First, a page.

Monday, December 30, 2013

Berzelius and How Is the Laboratory Glassware made ?


Jöns Jacob Berzelius, who is known for the discoveries of silicon, selenium, thorium and cerium, is one of the greatest names in chemistry. But, in fact we owe him a lot more than that. He believed that the alchemical symbols for the elements made chemistry hard to learn and perform.
alchemical symbols of some elements used in the earlier centuries


This idea was also adopted by Dalton. Even though Dalton tried to change the symbols of the elements, they were again hard to use in chemistry. Chemistry needed something simpler. Since chemists (and of course alchemists) used different symbols all over the world, it was almost impossible to read each other experiments. This was also one of the reasons why chemistry was not able to be conducted systematically. Understanding this fact and knowing that he was the one to change it, Berzelius decided to develop a nomenclature for the elements. He wrote "The chemical signs ought to be letters for the greater facility of writing, and not to disfigure a printed book. I shall therefore take for the chemical sign the initial letter of the Latin name of each chemical element, If the first two letters be common to two metals I shall use both the initial letter and the first letter they have not in common." By the help of this giant step, chemistry suddenly became more available to public and scientists. The reactions which were written in some kind of esoteric language was now clear and universal. This paved the way for the new chemists.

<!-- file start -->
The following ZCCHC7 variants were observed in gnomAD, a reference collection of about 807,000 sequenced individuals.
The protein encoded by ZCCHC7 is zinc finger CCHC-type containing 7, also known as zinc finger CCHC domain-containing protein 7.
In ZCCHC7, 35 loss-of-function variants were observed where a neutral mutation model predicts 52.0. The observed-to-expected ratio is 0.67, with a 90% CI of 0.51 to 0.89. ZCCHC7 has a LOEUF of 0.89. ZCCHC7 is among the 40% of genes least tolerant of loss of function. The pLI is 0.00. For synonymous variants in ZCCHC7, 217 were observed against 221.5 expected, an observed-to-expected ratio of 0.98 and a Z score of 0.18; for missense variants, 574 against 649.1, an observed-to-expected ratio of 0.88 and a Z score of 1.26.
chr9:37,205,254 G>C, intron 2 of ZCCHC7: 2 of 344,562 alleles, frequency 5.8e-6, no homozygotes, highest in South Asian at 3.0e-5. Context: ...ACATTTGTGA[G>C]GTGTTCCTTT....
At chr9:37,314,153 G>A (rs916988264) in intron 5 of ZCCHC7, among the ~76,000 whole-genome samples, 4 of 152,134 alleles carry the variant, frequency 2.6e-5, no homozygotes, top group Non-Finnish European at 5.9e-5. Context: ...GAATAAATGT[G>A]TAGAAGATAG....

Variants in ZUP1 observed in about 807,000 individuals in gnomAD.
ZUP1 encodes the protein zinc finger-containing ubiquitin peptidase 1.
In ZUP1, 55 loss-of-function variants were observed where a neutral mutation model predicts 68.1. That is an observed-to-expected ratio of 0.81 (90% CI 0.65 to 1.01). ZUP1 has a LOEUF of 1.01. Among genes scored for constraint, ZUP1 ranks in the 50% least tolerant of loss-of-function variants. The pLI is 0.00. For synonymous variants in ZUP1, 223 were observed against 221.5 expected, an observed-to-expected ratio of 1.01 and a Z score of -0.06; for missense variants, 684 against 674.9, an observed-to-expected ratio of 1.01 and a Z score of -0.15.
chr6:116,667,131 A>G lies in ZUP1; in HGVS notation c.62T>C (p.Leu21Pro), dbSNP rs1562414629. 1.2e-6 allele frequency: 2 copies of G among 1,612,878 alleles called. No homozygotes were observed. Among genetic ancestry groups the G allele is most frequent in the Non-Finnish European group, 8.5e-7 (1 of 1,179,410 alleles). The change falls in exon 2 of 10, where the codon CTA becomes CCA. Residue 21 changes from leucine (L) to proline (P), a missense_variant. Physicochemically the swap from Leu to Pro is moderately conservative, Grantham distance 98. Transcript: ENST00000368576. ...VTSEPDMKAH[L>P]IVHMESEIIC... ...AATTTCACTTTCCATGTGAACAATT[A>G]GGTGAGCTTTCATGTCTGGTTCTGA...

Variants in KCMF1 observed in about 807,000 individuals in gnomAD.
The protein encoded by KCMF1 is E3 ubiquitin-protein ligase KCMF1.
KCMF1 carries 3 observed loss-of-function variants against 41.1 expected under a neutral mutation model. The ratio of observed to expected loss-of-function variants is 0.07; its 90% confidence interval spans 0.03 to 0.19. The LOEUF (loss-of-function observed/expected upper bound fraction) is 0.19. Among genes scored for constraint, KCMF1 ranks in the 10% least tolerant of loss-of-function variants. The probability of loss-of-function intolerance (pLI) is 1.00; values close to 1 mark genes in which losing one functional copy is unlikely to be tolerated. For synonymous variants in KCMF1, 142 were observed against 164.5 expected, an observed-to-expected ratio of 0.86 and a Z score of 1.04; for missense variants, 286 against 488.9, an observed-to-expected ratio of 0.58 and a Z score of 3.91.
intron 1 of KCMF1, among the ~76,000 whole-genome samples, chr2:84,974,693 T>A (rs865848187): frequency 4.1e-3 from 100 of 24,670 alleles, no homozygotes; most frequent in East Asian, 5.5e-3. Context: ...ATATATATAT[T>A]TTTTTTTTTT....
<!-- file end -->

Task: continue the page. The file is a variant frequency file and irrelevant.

Berzelius was a great experimenter. He developed fine techniques to measure the atomic weights of the elements and they are remarkably close to the values measured with the state of the art instruments.


What made him so good at experimentation was his great skill at glassblowing and patience. He designed and made his glassware himself. This helped him to do more precise and accurate experiments. Even Goethe wanted to learn glassblowing from him.
I have always thought that all the glassware we use in the labs are mass production. We went on a field trip to a glassblowing shop and I was so surprised to see that majority of the glassware in the labs are made by glassblowers. The glassblower said that they make almost everything for the labs except beakers, test tubes etc. Obviously, they are now made by big companies. The type of glass used for the labs is called Pyrex-glass. Here is some more information about glassblowing and a comparison of different types of glasses :

A glassblower is definitely an artist. Although the one we visited makes only scientific glassware, he has all the skill that an artist needs. He also made a very small cute cup with a "smiley" on it. After the glassblowing finished, he showed us how he checks for  leaks on the glass. They use Tesla Coil for it. You can watch how he made a "condenser" for us and then checked it by his Tesla Coil below :

Next time when you use your condenser or the gas line please remember that it was not made in a huge factory. Somebody really blew into glass and did it.


Sources :

1. Crucibles : Jaffe, Bernard. The Story of Chemistry Bernard. New York : Dover Publications Inc., 1976. Print.
2. Strathern, Paul. Mendeleyev's Dream. New York : Berkley Books, 2002. Print.

1 comment:

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